Nick Stockwell is a co-founder of the Dubai real estate brokerage Tregoning & Stockwell, which he set up with his business partner Harry Tregoning in September 2014. Mr Stockwell, 37, from the UK, moved to Dubai in 2012 after a career in the financial services sector.
How did your upbringing shape your attitude towards money?
I know my parents were certainly belt-tighteners, and I was fortunate to have a good [private] education in the United Kingdom. When you have those outgoings, you don’t have much left over. The priority was the education, and that has made me think you can afford good things if you are determined.
How much did you get paid for your first job?
My first salaried job was the British Army, and it paid £19,000 (Dh102,282) per year at that stage. I was also working for my dad in his warehouse earlier – taking advantage of cheap labour, no doubt, when I was about 13, 14.
Are you spender or saver?
Historically, a spender, at least until I got married. My wife is a saver. She’s a consultant for a British engineering firm. We have similar backgrounds, but she’s more diligent.
What is your most cherished purchase?
The apartment I bought in the UK, in West Kensington. It was a big spend and I was quite young but invested a lot into it, putting in a new kitchen.
Have you ever had a month where you feared you could not pay the bills?
I don’t think I’ve ever been in fear. My family and friends would always have covered me if ever I was really short of cash. I would have been able to call up my dad and ask for a loan to cover it. But now we’ve got to pay rent cheques [as a business owner] and you do get more concerned about what the cash flow is going to look like.
Where do you save your money?
Historically, I’ve saved in the bank with the best rate of interest. Currently, I have started up a new business and am trying to pay myself as little as possible and put as much back into the business. The aim [of the company] is to help people find rent-to-buy properties in Dubai. One is always conscious that the reason a lot of start-ups fail is that they run out of cash, but our business is quite cash-generative.
Do you prefer paying by credit card or in cash?
I’m a big believer in credit cards if you pay off the outstanding balance each month. I have the Emirates NBD Skywards card and it generates about 100,000 miles a year.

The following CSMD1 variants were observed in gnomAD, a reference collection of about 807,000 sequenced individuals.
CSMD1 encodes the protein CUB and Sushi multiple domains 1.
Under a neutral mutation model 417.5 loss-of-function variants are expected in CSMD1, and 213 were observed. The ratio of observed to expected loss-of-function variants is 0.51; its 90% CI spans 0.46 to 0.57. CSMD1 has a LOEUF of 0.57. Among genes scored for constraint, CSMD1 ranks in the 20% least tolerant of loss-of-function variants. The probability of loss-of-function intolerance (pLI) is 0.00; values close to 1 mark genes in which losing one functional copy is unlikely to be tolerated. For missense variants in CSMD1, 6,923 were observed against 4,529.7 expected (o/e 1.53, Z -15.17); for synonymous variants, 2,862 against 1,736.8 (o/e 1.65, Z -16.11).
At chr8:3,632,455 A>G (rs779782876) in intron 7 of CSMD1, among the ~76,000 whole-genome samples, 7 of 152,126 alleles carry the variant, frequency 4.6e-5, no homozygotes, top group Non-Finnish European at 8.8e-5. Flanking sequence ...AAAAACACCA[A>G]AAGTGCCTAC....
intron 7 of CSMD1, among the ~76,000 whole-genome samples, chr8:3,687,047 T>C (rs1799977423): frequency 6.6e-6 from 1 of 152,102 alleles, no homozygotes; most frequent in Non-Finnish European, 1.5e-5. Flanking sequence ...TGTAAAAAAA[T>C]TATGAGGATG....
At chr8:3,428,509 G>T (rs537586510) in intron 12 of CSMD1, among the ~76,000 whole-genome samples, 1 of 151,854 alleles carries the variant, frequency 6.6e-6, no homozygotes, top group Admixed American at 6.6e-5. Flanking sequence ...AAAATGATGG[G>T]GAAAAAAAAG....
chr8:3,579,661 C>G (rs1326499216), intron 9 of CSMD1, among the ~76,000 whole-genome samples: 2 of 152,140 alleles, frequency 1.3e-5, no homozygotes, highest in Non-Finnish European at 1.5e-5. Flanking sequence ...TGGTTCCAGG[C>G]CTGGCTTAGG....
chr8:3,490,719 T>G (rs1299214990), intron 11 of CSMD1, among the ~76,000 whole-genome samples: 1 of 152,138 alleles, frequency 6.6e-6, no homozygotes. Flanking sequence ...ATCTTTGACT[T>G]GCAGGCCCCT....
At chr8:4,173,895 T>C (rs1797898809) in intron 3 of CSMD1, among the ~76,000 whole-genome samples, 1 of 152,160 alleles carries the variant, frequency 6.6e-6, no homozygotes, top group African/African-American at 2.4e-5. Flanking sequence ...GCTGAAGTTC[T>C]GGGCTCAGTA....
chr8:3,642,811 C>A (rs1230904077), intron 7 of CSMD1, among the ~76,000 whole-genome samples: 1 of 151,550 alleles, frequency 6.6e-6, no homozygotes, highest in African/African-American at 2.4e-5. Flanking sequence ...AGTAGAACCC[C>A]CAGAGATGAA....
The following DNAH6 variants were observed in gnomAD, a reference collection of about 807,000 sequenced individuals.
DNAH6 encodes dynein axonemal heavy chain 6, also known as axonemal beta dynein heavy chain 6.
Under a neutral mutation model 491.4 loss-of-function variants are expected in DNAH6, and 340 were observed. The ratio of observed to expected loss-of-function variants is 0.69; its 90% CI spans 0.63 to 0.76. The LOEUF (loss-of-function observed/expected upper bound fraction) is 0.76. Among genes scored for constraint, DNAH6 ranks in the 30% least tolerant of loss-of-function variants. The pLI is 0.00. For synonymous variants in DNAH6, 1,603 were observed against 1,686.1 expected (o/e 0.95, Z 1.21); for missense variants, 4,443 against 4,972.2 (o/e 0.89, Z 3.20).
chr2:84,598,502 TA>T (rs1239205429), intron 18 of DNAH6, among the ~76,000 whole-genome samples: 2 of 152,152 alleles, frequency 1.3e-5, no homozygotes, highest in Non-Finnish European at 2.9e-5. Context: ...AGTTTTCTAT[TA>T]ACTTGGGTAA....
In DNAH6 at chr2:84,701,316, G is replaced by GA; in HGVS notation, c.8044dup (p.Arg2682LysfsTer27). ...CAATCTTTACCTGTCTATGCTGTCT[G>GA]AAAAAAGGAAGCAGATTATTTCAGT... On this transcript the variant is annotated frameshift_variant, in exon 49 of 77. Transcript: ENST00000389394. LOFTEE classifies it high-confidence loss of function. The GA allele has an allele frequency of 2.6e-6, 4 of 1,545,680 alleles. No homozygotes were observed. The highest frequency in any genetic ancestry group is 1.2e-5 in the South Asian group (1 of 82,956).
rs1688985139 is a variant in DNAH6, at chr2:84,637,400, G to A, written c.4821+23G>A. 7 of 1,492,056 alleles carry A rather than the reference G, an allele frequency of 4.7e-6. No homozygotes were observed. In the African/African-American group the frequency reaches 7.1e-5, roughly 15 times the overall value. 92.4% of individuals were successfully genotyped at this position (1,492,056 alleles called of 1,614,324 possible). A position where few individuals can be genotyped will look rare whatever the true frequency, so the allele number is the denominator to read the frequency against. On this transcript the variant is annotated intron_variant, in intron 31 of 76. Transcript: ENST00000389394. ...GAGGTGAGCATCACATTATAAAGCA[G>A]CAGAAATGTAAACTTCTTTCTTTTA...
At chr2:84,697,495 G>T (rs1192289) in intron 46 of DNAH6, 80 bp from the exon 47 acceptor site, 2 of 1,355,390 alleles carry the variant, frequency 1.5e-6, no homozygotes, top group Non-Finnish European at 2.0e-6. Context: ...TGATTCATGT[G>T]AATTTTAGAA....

What has been your best investment?
Probably an apartment I bought in London in 2005. I bought it with a friend, and then bought him out and sold it just before moving out to Dubai, having done a lot of work on it and living in it as well. A guy who I really respect, who’s an entrepreneur out here, said if you are really going to be independently wealthy you need to start your own business and own your own property. I’m doing both.
What do you most regret spending money on?
I’m still in the doghouse for it: Rugby World Cup tickets. One thing I learnt from the Olympics was that you have to get in early and I bought four tickets to semi-finals for £515 each. England had the worst showing ever. I had to take a 50 per cent haircut. My wife was not amused.
What financial advice would you offer your younger self?
I wish I’d had it hammered into me to save little and often. If you are a teen and you have £40 of pocket money, at least save £1 or £2. It’s funny how the little things add up quickly.
Do you have a plan for the future?
Everything revolves around my business now. We plan to grow as quickly as possible. If I make that a success, everything in my personal finances will follow.
If you won Dh1m, what would you do with it?
Have a chat with my wife, take her on a fancy holiday and put the rest into a property as quickly as possible in the UK or Dubai.
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